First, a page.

Making sense with sunflowers

I turned a year older last week. But that is of little consequence. There are people who won’t, there were people who didn’t, turn a year older this year. There are lives, half-lives and still-breaths under skies riddled with missiles. The same blue skies from which planes fall and smash into bits of DNA. Snakes and ladders; that’s all it seems to be sometimes. If you can dodge a bad dice, you might be lucky enough not to be at the wrong place at the wrong time – born on that cursed strip in Gaza, seated on that plane flying over Ukraine, or walking down an empty road filled with daily dangers. And then, and then – you get to have a birthday.

So I look at sunflowers. When things don’t make much sense, when the news is a constant flow of abject misery, I look at sunflowers. Sunflowers make sense. Their orbs are filled with positive, yellow purpose; you can see why the world would need them. And you can see why a man who cut off his own ear, and later shot himself dead, needed to paint them. Sunflowers are made of hope.

As I look at them now, I can see three layers of petals around that dark brown centre. The petals are smooth and shiny like the insides of my wrist. They’re artlessly innocent in their brightness. The dark brown centre, however, is not so innocent. The dark brown centre is spiky, more deliberate. Textured for attention, for touch. Together, they make magic.

Each yellow whorl of my sunflowers sits slightly skewed, like a pile of mismatched china plates, so the rim underneath can show through. An artsy disarray; just the right amount of messiness. I can imagine nature putting the first sunflower together like an installation art, working to a haphazard jazz riff, whilst blowing smoke circles into dusk light.

Sometimes, you need the uncomplicatedness of cliches. And you need evolution to create flowers that clone the sun. So that whenever there is an eclipse of human nature, you’d have sunflowers to look at. In a white vase, in a safe room, where most things make sense most of the time.

If you’re lucky, you’d also have good food on the table, and family around it. Food that is familiar, comfortable, and as uncomplicated as strong stalks of sunflowers in clean water.

Today, everyday, I’m grateful for that.

Coconut & Garlic Chicken Broth

This is a simple recipe that I first cooked up many years ago in Calcutta; one of my kitchen experiments. It was an experiment that stuck. I have cooked it many times since, and it’s always as good as it was all those years ago. If you love coconut and garlic, you will love this as much as I do. You can, of course, replace the chicken with fish or vegetables, as I often do.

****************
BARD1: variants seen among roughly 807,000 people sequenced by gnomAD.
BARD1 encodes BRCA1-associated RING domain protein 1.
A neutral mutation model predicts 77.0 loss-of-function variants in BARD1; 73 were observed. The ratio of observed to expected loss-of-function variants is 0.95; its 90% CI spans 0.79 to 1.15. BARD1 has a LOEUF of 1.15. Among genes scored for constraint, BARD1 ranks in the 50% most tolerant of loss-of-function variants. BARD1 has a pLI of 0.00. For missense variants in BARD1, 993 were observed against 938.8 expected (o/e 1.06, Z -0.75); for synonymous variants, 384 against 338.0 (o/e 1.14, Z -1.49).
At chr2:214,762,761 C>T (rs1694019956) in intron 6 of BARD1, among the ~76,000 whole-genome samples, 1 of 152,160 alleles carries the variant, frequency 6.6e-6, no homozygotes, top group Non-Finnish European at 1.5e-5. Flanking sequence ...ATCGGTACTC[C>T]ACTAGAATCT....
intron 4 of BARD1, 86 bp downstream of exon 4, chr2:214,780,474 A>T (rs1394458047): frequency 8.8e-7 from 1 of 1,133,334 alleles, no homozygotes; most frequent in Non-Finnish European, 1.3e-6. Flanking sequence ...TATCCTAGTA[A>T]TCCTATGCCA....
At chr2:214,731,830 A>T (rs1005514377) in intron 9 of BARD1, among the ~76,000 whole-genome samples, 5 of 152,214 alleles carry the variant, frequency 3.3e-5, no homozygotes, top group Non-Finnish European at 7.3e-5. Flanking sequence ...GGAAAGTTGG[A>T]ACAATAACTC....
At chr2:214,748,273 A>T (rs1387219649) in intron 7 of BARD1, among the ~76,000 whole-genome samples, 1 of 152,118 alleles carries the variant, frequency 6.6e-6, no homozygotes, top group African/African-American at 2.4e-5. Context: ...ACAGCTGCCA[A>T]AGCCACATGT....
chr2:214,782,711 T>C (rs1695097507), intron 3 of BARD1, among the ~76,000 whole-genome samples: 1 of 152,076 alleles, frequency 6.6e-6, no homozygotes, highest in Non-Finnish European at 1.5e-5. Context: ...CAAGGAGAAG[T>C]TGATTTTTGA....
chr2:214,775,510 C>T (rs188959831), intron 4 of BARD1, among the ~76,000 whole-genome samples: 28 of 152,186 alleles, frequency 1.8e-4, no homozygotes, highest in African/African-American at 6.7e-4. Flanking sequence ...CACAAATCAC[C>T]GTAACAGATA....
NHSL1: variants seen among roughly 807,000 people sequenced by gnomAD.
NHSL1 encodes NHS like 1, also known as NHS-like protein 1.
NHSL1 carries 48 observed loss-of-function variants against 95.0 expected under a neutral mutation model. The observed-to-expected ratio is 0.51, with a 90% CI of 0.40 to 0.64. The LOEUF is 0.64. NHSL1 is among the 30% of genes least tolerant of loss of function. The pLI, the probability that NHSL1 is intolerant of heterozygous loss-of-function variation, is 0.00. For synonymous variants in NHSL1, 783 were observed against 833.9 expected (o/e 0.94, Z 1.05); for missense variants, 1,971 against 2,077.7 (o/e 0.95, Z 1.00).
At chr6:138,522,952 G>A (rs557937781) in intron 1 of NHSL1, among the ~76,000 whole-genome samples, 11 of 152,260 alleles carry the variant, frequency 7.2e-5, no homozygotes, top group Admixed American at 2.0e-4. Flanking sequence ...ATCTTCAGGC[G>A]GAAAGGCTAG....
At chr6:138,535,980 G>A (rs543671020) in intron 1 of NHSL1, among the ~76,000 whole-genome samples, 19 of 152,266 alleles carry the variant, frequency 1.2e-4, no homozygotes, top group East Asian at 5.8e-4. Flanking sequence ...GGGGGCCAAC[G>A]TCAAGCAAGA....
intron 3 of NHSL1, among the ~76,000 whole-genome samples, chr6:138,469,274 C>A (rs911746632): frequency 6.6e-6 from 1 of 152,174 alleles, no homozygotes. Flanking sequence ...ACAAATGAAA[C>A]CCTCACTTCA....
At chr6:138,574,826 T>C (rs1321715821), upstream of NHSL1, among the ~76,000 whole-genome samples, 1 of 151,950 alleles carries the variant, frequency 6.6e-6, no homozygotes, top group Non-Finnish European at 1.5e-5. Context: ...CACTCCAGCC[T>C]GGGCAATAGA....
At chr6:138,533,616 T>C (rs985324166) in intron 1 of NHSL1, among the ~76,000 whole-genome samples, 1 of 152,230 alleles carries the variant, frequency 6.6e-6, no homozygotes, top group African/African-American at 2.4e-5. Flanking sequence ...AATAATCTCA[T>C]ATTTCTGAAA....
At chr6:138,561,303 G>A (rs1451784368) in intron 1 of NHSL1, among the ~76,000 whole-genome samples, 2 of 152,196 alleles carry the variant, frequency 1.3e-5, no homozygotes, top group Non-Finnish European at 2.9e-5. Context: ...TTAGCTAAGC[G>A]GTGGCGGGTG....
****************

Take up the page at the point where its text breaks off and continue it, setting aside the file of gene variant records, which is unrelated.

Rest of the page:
1 kg chicken
1.5 cups of freshly grated or dessicated coconut
1 white onion, thickly sliced
1 tomato, chopped
7 cloves of garlic, minced
2 green or red chillies, chopped
A bunch of fresh coriander leaves, chopped
1 tsp black peppercorns
2 dry red chillies
2 tbs vegetable/sunflower oil

Boil the chicken in water with salt and 2 mashed cloves of garlic.
In a pan, heat 2 tbs of oil. Add the peppercorns and dry red chillies.
When the peppercorns start to sputter, add the onions. Stir for 2 minutes, then add the tomatoes. Give it one stir and take pan off the heat.
In a blender, whizz the coconut and remaining garlic into a paste with a sprinkle of water and 1 tsp salt.
Take the boiled chicken off the heat, and put it in a serving bowl.
Into the chicken broth, spoon in the coconut paste, the onion and tomato mix, coriander leaves, and chopped chillies as needed.
Stir it all in. Serve with steamed rice, or on its own.



22 thoughts on “Making sense with sunflowers

  1. Loved this post Pia. Thank you for putting into words what I have been feeling for a while. Sometimes the world makes no sense. I do hope you had a lovely birthday last week. xx

  2. Hi Pia, I love your writing, and I think you hsve so beautifully put together what a lot of us are feeling each moment. So much doesn't make sense, and I think counting your blessings just doesn't give enough solace anymore. Anyways, loved the phrase “eclipse of human nature”…and the receipe too.

  3. AD, I'm so happy it resonated with you – it was not a post I was sure of writing. I wanted to speak of hope, but without undermining the utter hopelessness people in some parts of the world must be feeling.

  4. Tandra – thank you – there I go writing my thoughts as aimlessly they come; and then sharing them here. What would they be without you, and others, to connect and respond to them? Yes, so much is senseless, but for the sake of sanity, and while I play silly, tickly games with my daughter, counting my blessings come naturally. xx

  5. So true and oops I meant to say counting my blessings ! I shuddered when that flight fell from the sky, as I flew with my two kiddos right over there just couple days earlier !

  6. Gratefulness makes up for the sorrows of the world. Sif we act like sunflowers, turning to the sun, rather that the shadows, the world gains all.from it. Buon compleanno, sunshine!

  7. Thanks Pia. Working in a newspaper, you are constantly exposed to depressing news. I will look at the flowers, I will.

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